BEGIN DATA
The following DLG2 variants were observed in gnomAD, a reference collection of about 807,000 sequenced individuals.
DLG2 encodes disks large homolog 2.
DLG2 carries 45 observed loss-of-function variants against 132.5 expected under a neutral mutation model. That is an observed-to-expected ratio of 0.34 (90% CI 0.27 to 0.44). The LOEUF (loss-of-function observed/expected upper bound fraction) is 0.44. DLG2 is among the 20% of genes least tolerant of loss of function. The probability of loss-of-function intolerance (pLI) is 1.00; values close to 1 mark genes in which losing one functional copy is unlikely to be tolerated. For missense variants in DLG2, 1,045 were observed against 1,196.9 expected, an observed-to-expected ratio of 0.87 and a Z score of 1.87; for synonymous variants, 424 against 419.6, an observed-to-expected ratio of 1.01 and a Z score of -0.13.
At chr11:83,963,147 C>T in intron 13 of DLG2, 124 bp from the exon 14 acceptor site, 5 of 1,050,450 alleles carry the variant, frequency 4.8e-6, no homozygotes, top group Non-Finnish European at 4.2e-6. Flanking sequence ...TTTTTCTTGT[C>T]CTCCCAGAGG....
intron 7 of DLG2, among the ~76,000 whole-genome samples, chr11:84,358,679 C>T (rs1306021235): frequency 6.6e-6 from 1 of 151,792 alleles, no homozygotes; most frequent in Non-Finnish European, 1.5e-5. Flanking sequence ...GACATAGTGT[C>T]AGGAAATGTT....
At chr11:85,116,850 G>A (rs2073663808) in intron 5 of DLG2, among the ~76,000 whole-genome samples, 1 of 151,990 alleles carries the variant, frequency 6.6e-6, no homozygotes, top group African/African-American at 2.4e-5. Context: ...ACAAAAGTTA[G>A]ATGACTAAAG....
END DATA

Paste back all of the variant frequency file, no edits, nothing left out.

The following DLG2 variants were observed in gnomAD, a reference collection of about 807,000 sequenced individuals.
DLG2 encodes disks large homolog 2.
DLG2 carries 45 observed loss-of-function variants against 132.5 expected under a neutral mutation model. That is an observed-to-expected ratio of 0.34 (90% CI 0.27 to 0.44). The LOEUF (loss-of-function observed/expected upper bound fraction) is 0.44. DLG2 is among the 20% of genes least tolerant of loss of function. The probability of loss-of-function intolerance (pLI) is 1.00; values close to 1 mark genes in which losing one functional copy is unlikely to be tolerated. For missense variants in DLG2, 1,045 were observed against 1,196.9 expected, an observed-to-expected ratio of 0.87 and a Z score of 1.87; for synonymous variants, 424 against 419.6, an observed-to-expected ratio of 1.01 and a Z score of -0.13.
At chr11:83,963,147 C>T in intron 13 of DLG2, 124 bp from the exon 14 acceptor site, 5 of 1,050,450 alleles carry the variant, frequency 4.8e-6, no homozygotes, top group Non-Finnish European at 4.2e-6. Flanking sequence ...TTTTTCTTGT[C>T]CTCCCAGAGG....
intron 7 of DLG2, among the ~76,000 whole-genome samples, chr11:84,358,679 C>T (rs1306021235): frequency 6.6e-6 from 1 of 151,792 alleles, no homozygotes; most frequent in Non-Finnish European, 1.5e-5. Flanking sequence ...GACATAGTGT[C>T]AGGAAATGTT....
At chr11:85,116,850 G>A (rs2073663808) in intron 5 of DLG2, among the ~76,000 whole-genome samples, 1 of 151,990 alleles carries the variant, frequency 6.6e-6, no homozygotes, top group African/African-American at 2.4e-5. Context: ...ACAAAAGTTA[G>A]ATGACTAAAG....